WHITE COLLAR WORKERS PRIORITISING WELLNESS OVER PAY
According to a recent survey 65% of white-collar workers in Scotland are considering quitting or changing their jobs as wellness at work takes precedence over pay for most Scots. The figures come from a Censuswide commissioned by workplace wellbeing marketplace Juno, looking at morale within the white-collar workplace at large across Scotland.
Amongst the key findings, the survey states that 58% of all employees surveyed are currently suffering from low morale – largely due to a lack of work-life balance, 17% of workers now believe they work in a toxic environment – a further 19% believe that their employer does not care about their mental health.
Only 48% of Scottish employees believe their employers respect their individual needs for example, childcare requirements, mental and physical health needs and wider wellness. In a jobs market where there are over 1 million vacancies, a majority of job-seekers said they are looking to work for a firm offering improved wellness packages, childcare support and work-life balance.
Scots are more driven by work-life balance than in anywhere else in the UK – with 35% of respondents listing this as their main priority for changing jobs, in contrast to 24% of UK-wide respondents
The findings of the report paint a dismal picture – with employees on mass suffering from burnout, low morale, while the numbers of those actively considering quitting their roles are very high – with nearly two thirds of all white-collar workers in Scotland considering quitting their jobs (including remote workers, hybrid workers and office workers).
An astonishing 58% of all employees surveyed are currently suffering from low morale in the workplace – rising to 63% in the 45-54 age bracket. A further 38% of employees say their company has to operate at a reduced capacity due to shortages and 23% are seeing sales fall as they struggle to meet customer demand due to short staffing.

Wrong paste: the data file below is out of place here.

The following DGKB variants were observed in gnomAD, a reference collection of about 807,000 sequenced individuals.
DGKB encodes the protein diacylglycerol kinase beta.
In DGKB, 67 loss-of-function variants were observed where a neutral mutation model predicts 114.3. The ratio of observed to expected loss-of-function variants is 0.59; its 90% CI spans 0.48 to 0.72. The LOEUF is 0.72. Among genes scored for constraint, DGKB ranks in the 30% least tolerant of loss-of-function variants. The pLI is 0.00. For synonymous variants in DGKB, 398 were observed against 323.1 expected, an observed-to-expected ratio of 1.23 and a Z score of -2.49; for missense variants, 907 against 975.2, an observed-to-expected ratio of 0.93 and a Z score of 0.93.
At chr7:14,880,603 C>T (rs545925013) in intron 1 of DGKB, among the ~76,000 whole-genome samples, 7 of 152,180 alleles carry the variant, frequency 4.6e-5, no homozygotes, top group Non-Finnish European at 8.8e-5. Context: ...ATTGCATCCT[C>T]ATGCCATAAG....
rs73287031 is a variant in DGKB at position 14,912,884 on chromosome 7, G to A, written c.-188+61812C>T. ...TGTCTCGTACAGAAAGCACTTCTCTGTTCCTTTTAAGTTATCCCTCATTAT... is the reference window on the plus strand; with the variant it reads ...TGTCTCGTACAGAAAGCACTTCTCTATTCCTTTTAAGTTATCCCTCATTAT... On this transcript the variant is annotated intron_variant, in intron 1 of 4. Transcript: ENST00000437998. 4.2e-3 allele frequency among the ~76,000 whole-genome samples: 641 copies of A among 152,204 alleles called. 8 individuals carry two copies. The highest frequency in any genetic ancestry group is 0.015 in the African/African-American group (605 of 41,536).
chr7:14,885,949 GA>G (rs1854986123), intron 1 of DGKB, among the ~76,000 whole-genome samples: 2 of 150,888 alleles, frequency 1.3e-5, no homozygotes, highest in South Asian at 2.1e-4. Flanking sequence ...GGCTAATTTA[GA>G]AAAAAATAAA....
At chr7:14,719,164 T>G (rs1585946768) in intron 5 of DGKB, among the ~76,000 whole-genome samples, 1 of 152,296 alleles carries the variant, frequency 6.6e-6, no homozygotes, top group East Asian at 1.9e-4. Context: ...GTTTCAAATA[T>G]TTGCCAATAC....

For a number of companies, this is creating a vicious circle where staff shortages worsen employee morale, which then increases employee turnover, which then exacerbates the economic impact of shortages on commercial performance.
Across the Scottish economy, this is accentuating issues around burnout, workplace toxicity and stress – 23% of employees across the white-collar economy now have a lack of care for the company they work for, 18% have said that their mental and physical health has suffered and 17% believe that they now work in a toxic environment.
Around 16% of respondents said that salary demands were the primary reason why a potential candidate chose a different job offer (compared to a UK average of 24%). In addition, Scots are more driven by work-life balance than anywhere else in the UK – this was the primary reason for changing jobs in Scotland, with 35% of Scots listing this as their primary motivation to change roles.
In addition, a combined 82% of respondents said that a better work-life balance or workplace culture at the rival company, improved access to benefits (i.e. childcare, healthcare) and access to wellness tools were the factors behind why a prospective employee chose an alternative role. Again, this compares to 58% across the wider UK – suggesting a drastic shift in priorities for Scots at work compared to the rest of the UK.
Ally Fekaiki, founder and CEO of Juno, commented: “What we’re seeing in Scotland is reflective of a wider trend we’re seeing across the UK and Europe – employees are not happy in general, and are looking for much greater control over their work-life balance, control and autonomy over the benefits they receive, and an end to the ‘at all costs’ approach to work which is leading to toxic workplaces and people, low morale and low motivation across the white-collar economy.
For businesses looking to retain their staff, you must take their concerns regarding workplace autonomy seriously; it’s not just salary, but pastoral care and wellness that keep them motivated.”